What is the most challenging thing about writing for you?
Finding enough time. I try to do 1,000 words a day but it’s not always possible so I have a binge write on a Sunday when I endeavour not to do any ‘work work’. 
I’m very fortunate that I live alone (other than my dog and two Monday to Friday lodgers) so no family distractions. I’ve also recently quit a writing group, two committees, and my teaching job (my evening classes had come full circle), and spaced out my freelance editing work (my ‘day job’) to free up more time.

And what is the best thing about writing?  
Not knowing what’s going to come out. 
I interviewed around 700 authors on my blog  and probably 95% are pantsers – as am I – where we get an idea and ‘fly by the seat of our pants’. 
I love the characters I create, and for most authors (and readers, agents, publishers) the characters are far more important than an interesting plot or stunning location.

Where is your favourite writing spot?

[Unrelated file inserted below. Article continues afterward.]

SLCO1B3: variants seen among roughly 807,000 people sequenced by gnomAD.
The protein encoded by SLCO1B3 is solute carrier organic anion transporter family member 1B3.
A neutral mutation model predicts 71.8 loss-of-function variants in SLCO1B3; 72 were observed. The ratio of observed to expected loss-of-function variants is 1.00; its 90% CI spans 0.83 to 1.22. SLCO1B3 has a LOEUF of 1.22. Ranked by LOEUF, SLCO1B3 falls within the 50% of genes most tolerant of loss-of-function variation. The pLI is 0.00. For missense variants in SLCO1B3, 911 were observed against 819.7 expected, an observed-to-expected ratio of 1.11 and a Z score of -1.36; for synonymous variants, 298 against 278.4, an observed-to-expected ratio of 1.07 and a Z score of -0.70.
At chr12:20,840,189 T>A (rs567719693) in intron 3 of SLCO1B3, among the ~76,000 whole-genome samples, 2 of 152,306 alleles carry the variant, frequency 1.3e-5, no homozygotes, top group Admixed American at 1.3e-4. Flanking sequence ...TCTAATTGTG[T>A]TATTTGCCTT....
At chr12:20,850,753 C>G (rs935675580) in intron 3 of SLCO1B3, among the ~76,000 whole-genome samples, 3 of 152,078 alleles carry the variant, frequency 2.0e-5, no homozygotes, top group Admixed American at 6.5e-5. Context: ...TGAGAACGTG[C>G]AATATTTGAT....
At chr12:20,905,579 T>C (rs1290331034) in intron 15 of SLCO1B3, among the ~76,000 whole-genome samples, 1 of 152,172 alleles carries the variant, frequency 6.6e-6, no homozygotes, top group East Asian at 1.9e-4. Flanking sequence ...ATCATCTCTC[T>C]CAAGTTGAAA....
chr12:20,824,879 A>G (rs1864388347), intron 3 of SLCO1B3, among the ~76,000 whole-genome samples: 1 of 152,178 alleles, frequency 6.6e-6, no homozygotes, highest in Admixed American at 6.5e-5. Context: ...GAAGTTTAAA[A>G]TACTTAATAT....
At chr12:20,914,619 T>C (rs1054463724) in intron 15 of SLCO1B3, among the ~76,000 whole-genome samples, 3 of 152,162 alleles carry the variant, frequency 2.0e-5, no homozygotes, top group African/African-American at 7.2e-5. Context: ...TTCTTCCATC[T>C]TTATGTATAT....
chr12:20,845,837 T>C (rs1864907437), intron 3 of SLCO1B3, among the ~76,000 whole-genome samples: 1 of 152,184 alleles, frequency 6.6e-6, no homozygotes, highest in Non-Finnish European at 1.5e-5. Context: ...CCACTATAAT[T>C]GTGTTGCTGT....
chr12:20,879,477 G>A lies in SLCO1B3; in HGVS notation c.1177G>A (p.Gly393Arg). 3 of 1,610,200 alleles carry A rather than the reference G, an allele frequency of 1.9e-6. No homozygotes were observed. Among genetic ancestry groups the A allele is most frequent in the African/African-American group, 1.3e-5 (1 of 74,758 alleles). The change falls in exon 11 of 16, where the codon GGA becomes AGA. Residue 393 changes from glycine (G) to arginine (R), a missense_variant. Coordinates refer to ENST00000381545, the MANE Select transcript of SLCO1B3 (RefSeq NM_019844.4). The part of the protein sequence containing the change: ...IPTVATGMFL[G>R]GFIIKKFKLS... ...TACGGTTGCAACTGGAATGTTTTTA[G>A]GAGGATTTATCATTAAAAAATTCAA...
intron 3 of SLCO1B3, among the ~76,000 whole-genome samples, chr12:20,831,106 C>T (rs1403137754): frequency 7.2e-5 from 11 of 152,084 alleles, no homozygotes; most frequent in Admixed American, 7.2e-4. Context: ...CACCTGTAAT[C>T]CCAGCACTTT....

At my (organised chaos) desk on my laptop. 
I do write longhand but only when out with my dog. (Yes, I can walk and write at the same time and am very fortunate that I have a dog who prefers being off the lead than on.) 
I’m a much faster typist as I was a secretary for over twenty years. I wrote the 115,640-word first draft of The Serial Dater’s Shopping List in twenty-eight days! I then edited it several times over several years but it was having an array of weird and wonderful men that gave me the start I needed to create Izzy and send her on her way. 

Interview With an Author - Number 6 - Lindsey S. Frantz

Author Bio
Lindsey S. Frantz was born and raised in Appalachia and earned her MFA from Bluegrass Writers Studio at Eastern Kentucky University. 

Her stories and poems have previously appeared in numerous literary journals, including Main Street Rag's Villains Anthology, Ruminate Magazine, and Emerge Literary Journal.

Author name: My full name is Lindsey Stockton Frantz, so I publish under Lindsey S. Frantz. 
I had a few pieces published in literary journals before I got married, and those were published under the name Lindsey Stockton. 

Are you a traditionally published/indie/hybrid author?
My publications have been kind of all over, so I suppose I’m a hybrid author.